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Most effective antidepressants directly or indirectly increase the synaptic concentrations of serotonin (5-HT) and/or norepinephrine (NE) by blocking the reuptake of one or both of the neurotransmitters. This property was initially discovered with the tricyclic antidepressants (TCAs). Their various additional interactions at different receptors and ion channels are not required for antidepressant action, but are responsible for the poor tolerability and toxicity in overdose of the early antidepressants.
The selective serotonin reuptake inhibitors are effective and well tolerated. Selective norepinephrine reuptake inhibitors, such as reboxetine, also have proven antidepressant activity. A selective action on one or the other of the principal monoamines thus appears to be sufficient for antidepressant activity. The idea that a dual action on both neurotransmitters might produce greater efficacy in certain patients led to the development of the serotonin norepinephrine reuptake inhibitor (SNRI) antidepressants, which block the reuptake of both 5-HT and NE without the nonspecific, side-effect–inducing interactions of the TCAs. The three SNRIs—venlafaxine, milnacipran, and duloxetine—constitute a new class of antidepressants.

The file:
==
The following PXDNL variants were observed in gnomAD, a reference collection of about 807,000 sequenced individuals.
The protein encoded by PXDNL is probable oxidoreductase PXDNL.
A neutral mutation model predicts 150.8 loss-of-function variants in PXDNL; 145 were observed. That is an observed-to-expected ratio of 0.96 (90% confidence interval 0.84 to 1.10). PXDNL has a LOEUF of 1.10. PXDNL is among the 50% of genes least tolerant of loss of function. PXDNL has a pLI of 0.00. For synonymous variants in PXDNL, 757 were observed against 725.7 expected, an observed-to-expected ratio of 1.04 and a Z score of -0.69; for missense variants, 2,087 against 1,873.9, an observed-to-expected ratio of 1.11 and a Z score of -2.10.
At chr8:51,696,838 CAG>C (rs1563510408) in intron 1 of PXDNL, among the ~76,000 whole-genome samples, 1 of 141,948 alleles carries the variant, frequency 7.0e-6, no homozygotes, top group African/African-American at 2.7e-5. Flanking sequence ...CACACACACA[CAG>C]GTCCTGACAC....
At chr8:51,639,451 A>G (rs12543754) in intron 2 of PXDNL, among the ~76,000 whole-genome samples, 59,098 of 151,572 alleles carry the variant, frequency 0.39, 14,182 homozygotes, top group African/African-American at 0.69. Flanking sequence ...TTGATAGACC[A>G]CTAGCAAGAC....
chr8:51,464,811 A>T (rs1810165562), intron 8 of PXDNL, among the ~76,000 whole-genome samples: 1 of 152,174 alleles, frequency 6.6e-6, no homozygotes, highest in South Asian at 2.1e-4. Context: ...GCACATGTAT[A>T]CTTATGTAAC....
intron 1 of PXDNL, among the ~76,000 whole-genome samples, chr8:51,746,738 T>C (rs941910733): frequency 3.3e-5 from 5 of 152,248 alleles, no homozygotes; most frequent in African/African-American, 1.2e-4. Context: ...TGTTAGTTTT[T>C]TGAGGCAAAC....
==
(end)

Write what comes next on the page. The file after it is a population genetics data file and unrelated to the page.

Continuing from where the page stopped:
Antidepressant response rates rarely exceed 60% to 70% and remission rates are usually <50%. Although SNRIs clearly provide superior efficacy in certain populations, their use has not dramatically changed antidepressant therapy. The search for agents that are more effective, rapidly acting, and better tolerated continues. However, clinicians must find ways to better use the antidepressants that are available today. This supplement, based on a symposium held at the International Forum on Affective Disorders in Budapest in December 2007, discusses several everyday problems in the treatment of depression, with a focus on SNRIs.